Deck the halls…

It’s a strange thing about Time that some weeks have seven days in and others seem to be a fortnight long! This week has been one of those long, long weeks, but in a good way. It feels like ages since I woke up in Kent’s Bank and wrote my blog from my hotel bed. It has been a week of family; of preparation and celebration of Christmas; of concentrating on the creative aspect of the PhD—when the PhD has managed to find a slot in the week at all. The critical aspect has been bubbling away in the back of my brain and hardly made an appearance. Real life and poetry have been the things this week.

On Sunday I attended the carousel workshop led by Steve Ely. It was a workshop about writing Death, which sounds morbid and miserable but really wasn’t. It was an opportunity to give the dead a voice. We began with a murder ballad, “Knoxville Girl”. You can find the lyrics here if you’re interested:

We heard a recording and discussed what was happening in the song then rewrote the ballad in the voice of the murdered Knoxville girl. That was a good kick-off for a workshop about death. We read Emily Dickenson’s famous ‘I felt a funeral in my brain…’ and discussed that then wrote our own poems giving a voice to someone/thing that had died in a song or a legend or even in our own lives. I wrote giving a voice to Cock Robin from the children’s nursery rhyme. I revisited Lillingstone Dayrell churchyard in one poem, wrote as if the landscape was the voice of the dead: another poem for the portfolio I think. We wrote about a woodcock killed by flying into the glass doors of the department of chemical engineering, York University. Steve had brought in it’s wing for us to see, beautiful, powerful and so soft.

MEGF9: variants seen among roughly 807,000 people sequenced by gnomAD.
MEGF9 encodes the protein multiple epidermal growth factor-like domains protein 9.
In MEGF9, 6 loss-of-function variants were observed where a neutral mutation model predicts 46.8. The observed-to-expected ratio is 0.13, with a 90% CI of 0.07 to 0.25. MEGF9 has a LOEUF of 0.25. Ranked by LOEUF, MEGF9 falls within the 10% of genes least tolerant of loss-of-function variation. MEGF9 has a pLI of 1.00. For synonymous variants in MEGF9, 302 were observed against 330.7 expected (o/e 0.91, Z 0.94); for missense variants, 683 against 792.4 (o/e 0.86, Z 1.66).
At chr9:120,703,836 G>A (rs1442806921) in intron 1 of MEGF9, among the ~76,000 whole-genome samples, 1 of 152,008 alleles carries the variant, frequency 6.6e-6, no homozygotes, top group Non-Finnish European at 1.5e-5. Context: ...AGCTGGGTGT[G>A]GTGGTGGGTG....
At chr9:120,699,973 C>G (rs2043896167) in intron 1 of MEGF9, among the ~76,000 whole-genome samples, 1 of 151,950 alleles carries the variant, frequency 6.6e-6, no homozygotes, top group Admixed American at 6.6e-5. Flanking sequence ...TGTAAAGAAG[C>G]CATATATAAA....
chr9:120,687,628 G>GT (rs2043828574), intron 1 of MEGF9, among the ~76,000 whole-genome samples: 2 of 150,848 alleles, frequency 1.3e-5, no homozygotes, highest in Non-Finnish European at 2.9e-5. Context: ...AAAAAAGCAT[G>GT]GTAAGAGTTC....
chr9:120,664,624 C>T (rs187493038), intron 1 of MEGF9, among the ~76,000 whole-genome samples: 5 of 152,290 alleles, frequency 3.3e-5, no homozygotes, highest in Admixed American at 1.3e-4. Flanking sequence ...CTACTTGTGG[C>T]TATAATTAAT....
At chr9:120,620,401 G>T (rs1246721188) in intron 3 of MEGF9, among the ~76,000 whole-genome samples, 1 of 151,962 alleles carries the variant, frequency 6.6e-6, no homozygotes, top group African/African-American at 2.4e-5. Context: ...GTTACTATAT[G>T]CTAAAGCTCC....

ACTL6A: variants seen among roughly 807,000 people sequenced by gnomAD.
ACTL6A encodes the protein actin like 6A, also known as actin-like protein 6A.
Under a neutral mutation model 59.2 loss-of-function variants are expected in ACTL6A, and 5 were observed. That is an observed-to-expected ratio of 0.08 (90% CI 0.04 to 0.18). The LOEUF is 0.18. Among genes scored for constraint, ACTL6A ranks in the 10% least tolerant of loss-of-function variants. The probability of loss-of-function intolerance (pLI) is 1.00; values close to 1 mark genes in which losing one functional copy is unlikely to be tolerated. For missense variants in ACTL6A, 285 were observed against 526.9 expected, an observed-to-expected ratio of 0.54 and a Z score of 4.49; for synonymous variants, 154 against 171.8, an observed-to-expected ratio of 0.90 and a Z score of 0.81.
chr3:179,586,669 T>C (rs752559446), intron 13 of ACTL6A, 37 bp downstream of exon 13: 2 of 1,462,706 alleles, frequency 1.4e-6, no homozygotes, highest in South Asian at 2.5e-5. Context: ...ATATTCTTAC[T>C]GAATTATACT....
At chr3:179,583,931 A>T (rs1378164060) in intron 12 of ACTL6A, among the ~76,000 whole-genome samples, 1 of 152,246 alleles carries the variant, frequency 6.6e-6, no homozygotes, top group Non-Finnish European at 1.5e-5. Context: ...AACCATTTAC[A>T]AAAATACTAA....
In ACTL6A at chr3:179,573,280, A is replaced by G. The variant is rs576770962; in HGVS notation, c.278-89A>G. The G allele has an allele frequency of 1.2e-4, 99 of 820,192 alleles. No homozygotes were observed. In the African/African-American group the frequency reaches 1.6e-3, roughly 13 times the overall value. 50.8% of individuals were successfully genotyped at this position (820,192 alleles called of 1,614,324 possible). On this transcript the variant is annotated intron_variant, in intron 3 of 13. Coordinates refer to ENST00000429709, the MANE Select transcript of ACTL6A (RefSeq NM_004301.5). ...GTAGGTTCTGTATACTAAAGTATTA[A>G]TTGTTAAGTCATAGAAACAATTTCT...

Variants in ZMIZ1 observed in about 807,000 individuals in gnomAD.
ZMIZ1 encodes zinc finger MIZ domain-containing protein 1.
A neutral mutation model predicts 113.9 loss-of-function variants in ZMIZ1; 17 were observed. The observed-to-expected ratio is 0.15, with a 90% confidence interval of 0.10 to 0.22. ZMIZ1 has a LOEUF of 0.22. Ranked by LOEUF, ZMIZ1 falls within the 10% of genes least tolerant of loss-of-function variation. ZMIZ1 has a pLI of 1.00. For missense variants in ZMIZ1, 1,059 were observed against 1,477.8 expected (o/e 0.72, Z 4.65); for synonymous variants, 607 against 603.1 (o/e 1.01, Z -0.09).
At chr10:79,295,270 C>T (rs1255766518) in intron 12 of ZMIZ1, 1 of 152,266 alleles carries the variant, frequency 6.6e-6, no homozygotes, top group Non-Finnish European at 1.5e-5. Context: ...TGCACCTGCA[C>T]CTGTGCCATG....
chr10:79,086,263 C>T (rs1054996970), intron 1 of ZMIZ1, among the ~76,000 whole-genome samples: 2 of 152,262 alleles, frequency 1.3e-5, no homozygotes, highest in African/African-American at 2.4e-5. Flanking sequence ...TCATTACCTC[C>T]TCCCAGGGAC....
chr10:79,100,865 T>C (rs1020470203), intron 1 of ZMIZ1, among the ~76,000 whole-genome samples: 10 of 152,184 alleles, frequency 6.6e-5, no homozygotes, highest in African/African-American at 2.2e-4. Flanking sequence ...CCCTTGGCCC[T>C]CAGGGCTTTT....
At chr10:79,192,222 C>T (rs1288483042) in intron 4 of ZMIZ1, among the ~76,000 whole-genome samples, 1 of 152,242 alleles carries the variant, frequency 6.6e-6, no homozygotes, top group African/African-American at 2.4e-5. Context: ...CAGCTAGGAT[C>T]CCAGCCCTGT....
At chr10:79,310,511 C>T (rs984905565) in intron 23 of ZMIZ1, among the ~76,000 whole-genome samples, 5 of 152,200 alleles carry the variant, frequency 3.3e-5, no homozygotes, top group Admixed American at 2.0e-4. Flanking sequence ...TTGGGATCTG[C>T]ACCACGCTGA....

After lunch I decided to stay in and do some homework, getting my early draft poems onto the MacBook. It feels good to do that with poems I’ve handwritten, they feel more real, you get to see what they will look like as finished pieces. I worked so long I didn’t notice how dark it was getting: it was after 4.00 p.m when I’d done, so really dark by then. I’d agreed to meet with Hilary at 4.30 to share our poems over a glass of mulled wine. We met up in the bar, got our mulled wine and were joined by Bernice before we got to share any poems at all. So we had another mulled wine and a lot of lovely chat, but no poetry. Ho hum.

On Sunday evening we had Christmas dinner in the hotel and opened a bottle of champagne to celebrate Kim’s winning the Geoffrey Faber Memorial Prize, then we all met up in the hall for the evening reading. Hilda Sheehan gave us a really amusing reading of her Frances and Martine poems, which you can read here:

She also read a poem she’d only written the night before after an afternoon walk out with David Morley. I wonder if that one will ever be published? Probably not!

David Morley was the second reader on Sunday; very different from Hilda’s reading, David’s poetry draws on his Romany heritage and on his work as a scientist: The evening completed with Sarah LIghtfeather Demmick and her husband giving us a performance of their country and western singing after the readings. Sarah has a terrific country voice. So it was a fantastic evening of poetry and song, but oh my, I was so tired! I left for my bed at the earliest opportunity and slept for seven hours—a long night for me.